2 teaspoons sesame seeds
4 teaspoons grated Parmesan cheese

In a mixing bowl, dissolve yeast in warm water. Add milk, oil, honey, egg, salt, whole wheat flour, 1 cup all-purpose flour, and herbs; beat until blended. Stir in enough remaining flour to form a soft dough. Cover and refrigerate overnight.
Punch dough down and turn onto a floured surface; divide in half. Roll one portion into a 15”x10” rectangle. Combine filling ingredients; sprinkle half over dough. Roll up jelly-roll style, starting with a long side; pinch seams to seal. Place seam side down on a greased baking sheet; pinch ends together to form a ring. With a sharp knife, cut 1/2” slashes at 2” intervals. Repeat with remaining dough and filling.
Cover and let rise in a warm place until doubled, about 30 minutes. Brush each ring with egg; sprinkle with sesame seeds and Parmesan. Bake at 350 degrees for 20-25 minutes or until golden brown. Remove from pans to wire racks.

Tuesday, November 17, 2009

Better Things to Do

TV. If kids are entertained by two letters, imagine the fun they'll have with twenty-six. Open your child's imagination. Open a book. ~Author Unknown

In Beverley Hills, they don't throw their garbage away - they make it into television shows. ~Woody Allen

Television is an invention that permits you to be entertained in your living room by people you wouldn't have in your home. ~David Frost

If the television craze continues with the present level of programs, we are destined to have a nation of morons. ~Daniel Marsh, 1950

It's been years since we had a tv. We didn't watch it much when we did have it. Just a movie once in a while. When our daughter was little we got rid of it. We didn't want to raise a couch potato. Watching television is mind-numbing, certainly not something children need to be subjected to for hours at a time. Everyone knows that children are sponges, soaking up everything they're exposed to. Their little brains and bodies are still developing. Kids need to be learning, exploring, exercising, using their imaginations, and spending quality time with their families. For better or worse, these little people will grow up to be mothers, fathers, teachers, doctors, librarians, bankers, dentists, and presidents. What kind will they be?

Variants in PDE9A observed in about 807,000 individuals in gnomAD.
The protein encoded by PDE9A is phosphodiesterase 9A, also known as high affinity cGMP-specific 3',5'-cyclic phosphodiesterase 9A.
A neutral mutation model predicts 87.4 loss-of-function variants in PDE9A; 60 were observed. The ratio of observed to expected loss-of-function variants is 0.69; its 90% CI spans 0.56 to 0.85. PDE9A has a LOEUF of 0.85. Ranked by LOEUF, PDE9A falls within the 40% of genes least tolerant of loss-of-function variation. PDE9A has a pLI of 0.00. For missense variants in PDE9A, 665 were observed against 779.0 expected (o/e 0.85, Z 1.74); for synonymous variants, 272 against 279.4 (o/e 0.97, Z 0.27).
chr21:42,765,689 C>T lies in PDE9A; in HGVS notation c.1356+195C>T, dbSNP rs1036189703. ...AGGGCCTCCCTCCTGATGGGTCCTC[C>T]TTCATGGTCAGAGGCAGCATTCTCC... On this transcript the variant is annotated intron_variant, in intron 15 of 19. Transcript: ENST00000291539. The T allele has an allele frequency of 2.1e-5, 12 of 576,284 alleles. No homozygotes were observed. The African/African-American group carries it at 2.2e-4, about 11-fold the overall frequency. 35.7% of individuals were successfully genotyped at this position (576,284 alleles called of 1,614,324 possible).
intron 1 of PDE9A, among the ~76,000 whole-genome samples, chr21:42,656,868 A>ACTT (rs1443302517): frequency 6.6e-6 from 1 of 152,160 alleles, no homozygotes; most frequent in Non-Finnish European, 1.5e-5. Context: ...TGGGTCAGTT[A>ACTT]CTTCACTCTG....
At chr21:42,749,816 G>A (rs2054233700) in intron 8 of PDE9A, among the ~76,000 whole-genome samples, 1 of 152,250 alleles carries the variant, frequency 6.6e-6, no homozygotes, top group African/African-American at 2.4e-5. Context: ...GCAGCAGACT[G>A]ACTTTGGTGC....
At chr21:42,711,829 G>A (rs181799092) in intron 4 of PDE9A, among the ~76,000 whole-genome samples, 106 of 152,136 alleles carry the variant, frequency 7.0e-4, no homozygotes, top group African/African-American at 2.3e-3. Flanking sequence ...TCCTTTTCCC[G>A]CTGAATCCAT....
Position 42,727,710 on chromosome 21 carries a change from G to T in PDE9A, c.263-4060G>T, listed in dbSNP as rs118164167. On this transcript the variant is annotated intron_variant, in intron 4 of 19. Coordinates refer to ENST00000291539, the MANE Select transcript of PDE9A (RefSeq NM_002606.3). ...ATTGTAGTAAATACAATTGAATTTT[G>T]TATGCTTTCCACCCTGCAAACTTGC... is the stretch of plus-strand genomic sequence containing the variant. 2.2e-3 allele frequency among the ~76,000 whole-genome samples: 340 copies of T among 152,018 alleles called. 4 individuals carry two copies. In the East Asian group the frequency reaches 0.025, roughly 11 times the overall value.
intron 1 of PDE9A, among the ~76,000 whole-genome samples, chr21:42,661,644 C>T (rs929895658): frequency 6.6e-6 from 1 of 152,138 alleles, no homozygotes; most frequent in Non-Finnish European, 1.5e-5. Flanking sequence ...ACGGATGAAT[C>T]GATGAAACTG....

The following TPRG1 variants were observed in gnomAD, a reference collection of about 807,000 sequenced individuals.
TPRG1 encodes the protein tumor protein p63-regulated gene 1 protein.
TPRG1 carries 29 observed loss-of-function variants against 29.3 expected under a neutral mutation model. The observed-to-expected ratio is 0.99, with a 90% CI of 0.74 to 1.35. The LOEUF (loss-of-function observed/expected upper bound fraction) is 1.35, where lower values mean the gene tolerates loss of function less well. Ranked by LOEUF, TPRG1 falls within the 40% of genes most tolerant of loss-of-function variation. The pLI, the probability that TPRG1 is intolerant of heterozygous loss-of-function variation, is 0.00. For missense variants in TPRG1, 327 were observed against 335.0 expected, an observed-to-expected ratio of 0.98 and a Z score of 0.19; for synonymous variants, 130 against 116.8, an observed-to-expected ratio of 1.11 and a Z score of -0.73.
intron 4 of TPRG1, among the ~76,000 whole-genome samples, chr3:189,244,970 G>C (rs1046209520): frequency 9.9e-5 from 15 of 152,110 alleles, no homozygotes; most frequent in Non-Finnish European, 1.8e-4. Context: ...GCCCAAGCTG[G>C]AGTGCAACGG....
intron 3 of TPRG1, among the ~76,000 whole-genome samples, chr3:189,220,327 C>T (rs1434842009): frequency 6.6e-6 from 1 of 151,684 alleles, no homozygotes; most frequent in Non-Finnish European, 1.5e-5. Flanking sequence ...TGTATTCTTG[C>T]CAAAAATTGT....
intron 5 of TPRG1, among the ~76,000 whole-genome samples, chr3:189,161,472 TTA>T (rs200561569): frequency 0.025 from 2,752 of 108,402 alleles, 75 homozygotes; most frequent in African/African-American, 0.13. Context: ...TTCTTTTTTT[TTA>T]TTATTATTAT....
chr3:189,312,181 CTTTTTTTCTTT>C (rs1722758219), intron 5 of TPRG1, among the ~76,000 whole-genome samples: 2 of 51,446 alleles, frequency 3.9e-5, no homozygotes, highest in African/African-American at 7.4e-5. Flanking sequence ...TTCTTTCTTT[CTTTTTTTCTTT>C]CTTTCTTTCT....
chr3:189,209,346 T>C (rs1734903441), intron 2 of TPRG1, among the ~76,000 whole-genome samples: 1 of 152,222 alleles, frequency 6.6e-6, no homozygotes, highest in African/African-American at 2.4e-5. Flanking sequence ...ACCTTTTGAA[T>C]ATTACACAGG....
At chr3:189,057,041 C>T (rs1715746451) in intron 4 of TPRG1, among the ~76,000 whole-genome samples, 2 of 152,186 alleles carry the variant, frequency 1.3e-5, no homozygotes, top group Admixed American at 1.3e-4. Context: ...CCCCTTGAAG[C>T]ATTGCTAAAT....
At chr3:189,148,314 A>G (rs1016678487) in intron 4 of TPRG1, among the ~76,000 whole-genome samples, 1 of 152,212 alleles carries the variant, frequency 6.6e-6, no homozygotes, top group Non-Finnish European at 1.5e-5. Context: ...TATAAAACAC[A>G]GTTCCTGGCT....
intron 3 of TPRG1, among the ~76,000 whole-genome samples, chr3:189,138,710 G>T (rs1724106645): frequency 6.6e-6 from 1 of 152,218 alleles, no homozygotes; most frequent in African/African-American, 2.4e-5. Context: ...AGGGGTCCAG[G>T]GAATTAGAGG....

Here are a few things to think about...How can a child be healthy when he spends hour after hour parked in front of the tv? How will he learn to interact with people when his best friend is a piece of furniture? How can he make a worthwhile contribution to society when he needs a celebrity to tell him what kind of toothpaste to buy? There are other questions I could ask, but do I need to?

- Read a book. My husband and I love to read. My daughter loves to read, too, and my son is learning to appreciate books (he's only 18 months old and doesn't yet have the attention span to sit through a whole book). The library has a wealth of information to offer you.

- Go outside. Look for caterpillars, chase butterflies, dig in the dirt, swing, "poison" armadillos. Olivia makes "armadillo poison" by mixing dirt, grass, green onions, rosemary, and peppermint (I've told her she'll have to find a substitute for my green onions). Sit in the hammock with a book and soak up some Vitamin D.

- Play games. Olivia likes to play Go Fish, Old Maid, and Checkers. I can't wait for her and Jesse to learn to play 42. It's my favorite game. It'll be so nice for the four of us to huddle around a card table playing 42, sipping hot chocolate, when it's too cold to go outside.

- Plant a garden. Good exercise, good food, good education for the kids.

- Make something. Sew, knit, crochet, draw, work with wood, paint. Be creative. It's satisfying to spend time working on a project and have something to show for your effort.

- Go somewhere. Go to a library, museum, zoo, or arboretum. Take a picnic lunch.